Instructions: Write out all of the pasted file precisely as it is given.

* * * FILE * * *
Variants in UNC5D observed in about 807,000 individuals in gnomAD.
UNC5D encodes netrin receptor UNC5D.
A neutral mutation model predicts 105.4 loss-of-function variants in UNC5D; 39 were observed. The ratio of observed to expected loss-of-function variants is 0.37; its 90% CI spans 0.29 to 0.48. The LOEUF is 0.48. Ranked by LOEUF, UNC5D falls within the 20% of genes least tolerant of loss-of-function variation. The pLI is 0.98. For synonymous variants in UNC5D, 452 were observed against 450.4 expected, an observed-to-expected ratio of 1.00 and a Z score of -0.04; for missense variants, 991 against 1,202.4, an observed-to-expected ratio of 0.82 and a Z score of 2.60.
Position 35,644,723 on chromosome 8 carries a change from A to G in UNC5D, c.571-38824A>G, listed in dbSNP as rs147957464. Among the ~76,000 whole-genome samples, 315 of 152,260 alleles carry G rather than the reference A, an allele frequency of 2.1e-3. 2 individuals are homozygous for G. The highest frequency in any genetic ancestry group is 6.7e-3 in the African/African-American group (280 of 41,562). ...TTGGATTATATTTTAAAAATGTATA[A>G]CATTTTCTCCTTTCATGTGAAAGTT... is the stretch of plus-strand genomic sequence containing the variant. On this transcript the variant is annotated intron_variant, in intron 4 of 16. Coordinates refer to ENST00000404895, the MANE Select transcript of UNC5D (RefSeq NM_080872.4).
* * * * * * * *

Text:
Variants in UNC5D observed in about 807,000 individuals in gnomAD.
UNC5D encodes netrin receptor UNC5D.
A neutral mutation model predicts 105.4 loss-of-function variants in UNC5D; 39 were observed. The ratio of observed to expected loss-of-function variants is 0.37; its 90% CI spans 0.29 to 0.48. The LOEUF is 0.48. Ranked by LOEUF, UNC5D falls within the 20% of genes least tolerant of loss-of-function variation. The pLI is 0.98. For synonymous variants in UNC5D, 452 were observed against 450.4 expected, an observed-to-expected ratio of 1.00 and a Z score of -0.04; for missense variants, 991 against 1,202.4, an observed-to-expected ratio of 0.82 and a Z score of 2.60.
Position 35,644,723 on chromosome 8 carries a change from A to G in UNC5D, c.571-38824A>G, listed in dbSNP as rs147957464. Among the ~76,000 whole-genome samples, 315 of 152,260 alleles carry G rather than the reference A, an allele frequency of 2.1e-3. 2 individuals are homozygous for G. The highest frequency in any genetic ancestry group is 6.7e-3 in the African/African-American group (280 of 41,562). ...TTGGATTATATTTTAAAAATGTATA[A>G]CATTTTCTCCTTTCATGTGAAAGTT... is the stretch of plus-strand genomic sequence containing the variant. On this transcript the variant is annotated intron_variant, in intron 4 of 16. Coordinates refer to ENST00000404895, the MANE Select transcript of UNC5D (RefSeq NM_080872.4).